Yaesu FT-857D: The curious case of… the PWR OUT bars

Recently, also to test a new 30 Ah LiFePo4 battery (but that’s another story), I dusted off the aforementioned radio that is normally kept in the backpack for portable activities, ready to use (and I emphasize that it is ready, not that it is used).

After turning it on, I connected the trusty Bird wattmeter with the dummy load and tested the various output powers on all bands.

The powers were all within specifications, but I noticed that on the HF frequencies from 14MHz and above, the bars indicating (more or less…) the power emitted by the radio only showed a couple of notches even though the radio was actually set to 100W.

The radio was actually emitting 100W, so let’s say the problem was only “cosmetic”.

So, I started investigating to understand what the heck was happening…

I entered the service menu (A+B+C + PWR ON) and went through all the options in search of any settings for the power meter bars. There was nothing about it.

The only explicit setting related to the bar indicator on the display is for the S-Meter, but it has nothing to do with what I’m interested in…

So, I began analyzing the circuit diagram to understand how the RF signal sampling circuitry was designed: essentially, there are 2 lines for FWD and REFL that originate from the antenna connector and, through diodes, resistors, voltage amplifiers, lead to the processor in the form of DC voltage (mV).

Using a multimeter, I measured the DC millivolt values at various points of the sampling circuit with the radio set to 14MHz and 5W. Obviously, they were consistently the same for all the HF frequencies, from 1.8MHz up to 50MHz… so at this point, I feel inclined to exclude a hardware problem (I admit, I even disassembled the mainboard and tested various resistors along the path… all fine; well, I took the opportunity to apply some “fresh” thermal paste).

I slept on it.

In the following days, without a specific plan, I tried reviewing all the settings in the service menu and also found a small software that can read (and if desired, rewrite) all the values from the radio to a computer, exporting them to a specific file for safety. So, I saved the “original” values of the radio.

At this point, there are two possibilities: either something got messed up in the firmware and I’m out of luck (I’ll keep it that way) or there’s some setting in the service menu that influences (obviously not documented) how the CPU displays the PWR OUT bars on the screen.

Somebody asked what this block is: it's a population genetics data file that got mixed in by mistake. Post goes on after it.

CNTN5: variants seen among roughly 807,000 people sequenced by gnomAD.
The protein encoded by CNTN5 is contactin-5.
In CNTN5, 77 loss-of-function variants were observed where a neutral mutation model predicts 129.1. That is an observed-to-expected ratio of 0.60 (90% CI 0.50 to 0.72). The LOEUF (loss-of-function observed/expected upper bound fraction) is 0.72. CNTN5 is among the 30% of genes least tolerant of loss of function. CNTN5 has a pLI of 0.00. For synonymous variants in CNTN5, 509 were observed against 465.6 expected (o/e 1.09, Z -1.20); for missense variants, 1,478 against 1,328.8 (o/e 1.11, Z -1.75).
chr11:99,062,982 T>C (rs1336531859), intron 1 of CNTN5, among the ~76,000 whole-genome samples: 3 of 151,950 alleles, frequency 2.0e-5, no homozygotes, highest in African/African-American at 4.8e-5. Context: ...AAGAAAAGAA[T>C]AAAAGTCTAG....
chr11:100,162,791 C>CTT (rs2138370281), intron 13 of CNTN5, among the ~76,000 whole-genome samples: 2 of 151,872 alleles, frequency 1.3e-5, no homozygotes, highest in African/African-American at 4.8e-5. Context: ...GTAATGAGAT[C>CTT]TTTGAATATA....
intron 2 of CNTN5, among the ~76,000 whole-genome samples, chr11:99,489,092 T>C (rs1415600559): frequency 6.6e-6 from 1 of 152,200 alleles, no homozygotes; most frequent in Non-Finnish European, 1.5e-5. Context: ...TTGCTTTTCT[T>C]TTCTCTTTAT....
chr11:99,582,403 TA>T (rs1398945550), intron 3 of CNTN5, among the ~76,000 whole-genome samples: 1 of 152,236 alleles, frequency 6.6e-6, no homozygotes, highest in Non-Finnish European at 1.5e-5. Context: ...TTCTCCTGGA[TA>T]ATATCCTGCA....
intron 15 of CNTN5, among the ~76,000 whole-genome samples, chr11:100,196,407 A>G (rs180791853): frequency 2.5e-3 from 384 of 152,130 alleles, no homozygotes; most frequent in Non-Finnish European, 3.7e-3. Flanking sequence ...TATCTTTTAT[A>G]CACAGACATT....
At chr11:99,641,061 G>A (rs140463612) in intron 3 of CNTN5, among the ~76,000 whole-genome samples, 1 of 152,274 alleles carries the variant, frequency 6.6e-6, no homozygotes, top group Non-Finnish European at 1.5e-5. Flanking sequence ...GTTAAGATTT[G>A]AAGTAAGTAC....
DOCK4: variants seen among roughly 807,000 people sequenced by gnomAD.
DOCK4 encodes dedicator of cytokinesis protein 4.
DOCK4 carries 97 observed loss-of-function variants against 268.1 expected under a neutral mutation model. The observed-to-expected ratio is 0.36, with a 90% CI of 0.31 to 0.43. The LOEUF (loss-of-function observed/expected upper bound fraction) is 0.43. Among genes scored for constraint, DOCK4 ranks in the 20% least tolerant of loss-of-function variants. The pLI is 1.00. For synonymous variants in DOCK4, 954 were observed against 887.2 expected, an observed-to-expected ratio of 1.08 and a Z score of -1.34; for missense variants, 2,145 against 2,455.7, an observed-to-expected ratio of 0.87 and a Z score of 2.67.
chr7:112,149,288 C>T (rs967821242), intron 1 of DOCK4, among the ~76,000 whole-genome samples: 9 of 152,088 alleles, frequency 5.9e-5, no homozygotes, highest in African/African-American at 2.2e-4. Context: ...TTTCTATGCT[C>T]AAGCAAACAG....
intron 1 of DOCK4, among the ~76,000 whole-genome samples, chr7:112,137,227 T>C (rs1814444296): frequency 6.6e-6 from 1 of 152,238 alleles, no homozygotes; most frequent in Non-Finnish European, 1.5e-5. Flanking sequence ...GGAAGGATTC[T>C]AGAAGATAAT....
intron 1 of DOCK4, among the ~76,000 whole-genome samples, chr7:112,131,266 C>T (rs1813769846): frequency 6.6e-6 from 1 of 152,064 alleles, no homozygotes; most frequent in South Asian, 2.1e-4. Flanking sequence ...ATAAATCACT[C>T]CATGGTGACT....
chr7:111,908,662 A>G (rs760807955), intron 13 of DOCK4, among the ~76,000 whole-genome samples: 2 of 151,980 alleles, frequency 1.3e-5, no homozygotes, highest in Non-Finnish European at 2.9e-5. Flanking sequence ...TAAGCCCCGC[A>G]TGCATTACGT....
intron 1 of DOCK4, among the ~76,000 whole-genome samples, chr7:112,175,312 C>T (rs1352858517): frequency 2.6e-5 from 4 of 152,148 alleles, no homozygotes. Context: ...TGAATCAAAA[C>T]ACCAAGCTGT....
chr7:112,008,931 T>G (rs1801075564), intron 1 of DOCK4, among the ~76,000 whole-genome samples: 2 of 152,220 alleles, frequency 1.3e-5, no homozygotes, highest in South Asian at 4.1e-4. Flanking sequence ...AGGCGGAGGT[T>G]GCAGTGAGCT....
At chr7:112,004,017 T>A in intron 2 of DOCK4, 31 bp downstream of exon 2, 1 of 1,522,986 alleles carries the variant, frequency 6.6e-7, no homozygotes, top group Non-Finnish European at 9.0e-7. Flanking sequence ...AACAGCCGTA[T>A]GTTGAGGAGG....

Naturally, I pursue the second path (also because the first one is already a “game over”).

By the way, did I mention that I got the radio “used”? 🙂

Without much hope, I proceed to realign the output powers on the different bands (service manual in hand, RF generator, wattmeter, and lots of patience…).

I glance at the display (I was at 21MHz at this point) and I realize that the bars are “magically” fixed! (???).

At first, I couldn’t explain it… mainly because the actual output powers were already fine (the wattmeter always showed them within specifications).

However, I noticed that on a couple of bands, the menu values were very high even though the power was indeed 100W.

Let me try to explain with an example: the values adjustable in the menu for each item range from 0 to 255. For the powers, 0 represents 0 watts, and as the value increases, the watts emitted by the radio also increase.

However, there is a limit on some bands where, beyond a certain point, the watts no longer increase even if that value can be raised further: on 50MHz, the value of 160 is the one that brings the radio to 100W, but I found it set at 240 (unnecessarily high). Something similar happened on 28MHz.

So, probably these numerically high values compared to the full power value cause the processor’s scaling calculations to go haywire, resulting in only 2 bars indicating the actual full power.

I would say that someone had tampered with the values in the past without really knowing what they were doing… 🙂 but fortunately, it wasn’t one of those who “boosted” the watts…

P.S. Is it clear now why I used quotation marks in the phrase “…original values of the radio” a few paragraphs above? 🙂


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